Francamente creo que no hay candidatos jóvenes porque no apareció ningún showman que supiera hacer caras tiernas a lo Bill Clinton, o poses de astro deportivo como Obama. En lo que sí estamos todos empeñados, es en una carrera contra reloj para definir antes de que la crisis económica y de salud decida por nosotros. Qué extraña es a veces toda esta “dialéctica” que se antoja solo por casualidad.

    (o tal vez no tan casual) Cordialmente.

    • Víctor López 8 March 2020 at 6:30 pm Permalink

      Se ha perdido una parte del texto en esta versión en inglés. En la columna anterior está completo. Me disculpo.

  2. manuel 8 March 2020 at 6:19 pm Permalink

    “El fluido estilo de gobierno femenino, quizas haya surgido
    como una forma de sobrevivir y prosperar en circunstancias
    dificiles, pero ha resultado muy seductor para quienes lo han ejercido.
    Con un gobernante fluido, la obediencia resulta bastante facil a los subditos, ya que se sienten menos presionados, objeto de menor coercion, menos obligados a seguir la ideologia del gobernante. Tambien abre opciones en las cuales la adherencia a una doctrina los aisla. No comprometerse con un sector determinado permite al gobernante usar a un enemigo contra el otro. Las normas rigidas podran parecer fuertes, pero con el tiempo su inflexibilidad crispa los nervios y los subditos encuentran formas de sacar de escena a esos soberanos. Los gobernantes flexibles, sin forma definida, seran muy criticados pero perduran, y con el tiempo la gente termina identificandose con ellos, dado que son como sus subditos: cambiantes frente a los cambiantes tiempos, abiertos a las circunstancias.”

  3. Manuel 9 March 2020 at 6:22 am Permalink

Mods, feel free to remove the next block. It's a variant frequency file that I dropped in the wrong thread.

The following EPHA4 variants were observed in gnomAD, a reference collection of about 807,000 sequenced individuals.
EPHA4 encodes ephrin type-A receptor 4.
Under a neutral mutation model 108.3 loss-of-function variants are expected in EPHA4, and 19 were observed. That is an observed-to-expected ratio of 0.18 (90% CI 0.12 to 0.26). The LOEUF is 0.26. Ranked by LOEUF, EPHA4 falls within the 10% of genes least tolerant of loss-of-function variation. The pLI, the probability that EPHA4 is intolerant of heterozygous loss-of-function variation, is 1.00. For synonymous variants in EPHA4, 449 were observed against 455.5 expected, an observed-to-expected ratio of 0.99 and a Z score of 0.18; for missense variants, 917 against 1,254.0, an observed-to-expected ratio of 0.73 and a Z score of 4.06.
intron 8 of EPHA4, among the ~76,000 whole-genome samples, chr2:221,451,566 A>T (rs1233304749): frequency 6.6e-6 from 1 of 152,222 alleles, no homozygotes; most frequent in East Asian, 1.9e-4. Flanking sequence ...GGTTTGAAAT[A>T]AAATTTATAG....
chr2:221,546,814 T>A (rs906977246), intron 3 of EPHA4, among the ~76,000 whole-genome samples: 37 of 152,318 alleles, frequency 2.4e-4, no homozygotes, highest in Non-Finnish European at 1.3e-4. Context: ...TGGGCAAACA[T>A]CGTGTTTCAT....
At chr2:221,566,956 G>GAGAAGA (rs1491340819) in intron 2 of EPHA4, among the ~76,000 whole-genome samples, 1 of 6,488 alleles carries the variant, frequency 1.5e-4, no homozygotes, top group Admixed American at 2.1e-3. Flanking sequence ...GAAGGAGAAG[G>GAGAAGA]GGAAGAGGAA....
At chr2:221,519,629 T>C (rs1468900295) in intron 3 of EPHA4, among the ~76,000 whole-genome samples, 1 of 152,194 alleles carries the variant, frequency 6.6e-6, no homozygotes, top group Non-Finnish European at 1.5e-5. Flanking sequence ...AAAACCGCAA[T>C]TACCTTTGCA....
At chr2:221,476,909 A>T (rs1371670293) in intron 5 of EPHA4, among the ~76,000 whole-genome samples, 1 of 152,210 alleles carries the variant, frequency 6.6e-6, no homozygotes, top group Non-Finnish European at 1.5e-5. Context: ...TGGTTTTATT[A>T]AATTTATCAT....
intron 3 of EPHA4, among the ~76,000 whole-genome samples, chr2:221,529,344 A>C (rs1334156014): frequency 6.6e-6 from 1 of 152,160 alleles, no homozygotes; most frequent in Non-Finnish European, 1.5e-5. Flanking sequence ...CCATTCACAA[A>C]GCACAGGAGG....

Monday 03/09/2020 03:06:09 / Latest Version

    “While places like Facebook, YouTube, and Twitter struggle to fend off a barrage of false content, with their scattershot mix of policies, fact-checkers, and algorithms, one of the web’s most robust weapons against misinformation is an archaic-looking website written by anyone with an internet connection, and moderated by a largely anonymous crew of volunteers.”

    In the Facebook era, the volunteer editors behind the archaic-looking website have built Wikipedia into a formidable force for truth.

    Source: http://www.fastcompany.com

  4. Manuel 9 March 2020 at 7:15 am Permalink

    During a “Saturday Night Live” sketch, Senator Elizabeth Warren was reminded that Mr. Biden and Mr. Sanders were both hoping for her endorsement. “It’s tough,” she said. “Maybe I’ll just pull a New York Times and endorse them both.”

  5. Manuel 9 March 2020 at 8:13 am Permalink

    View in browser | nytimes.com
    The New York Times

    BREAKING NEWS
    Senator Cory Booker endorsed Joe Biden for president, adding his name to a list of former rivals backing the candidate.
    Monday, March 9, 2020 7:19 AM EST
    Mr. Booker’s endorsement comes 24 hours after Senator Kamala Harris of California endorsed Mr. Biden, and the two senators will appear with him at a rally in Detroit tonight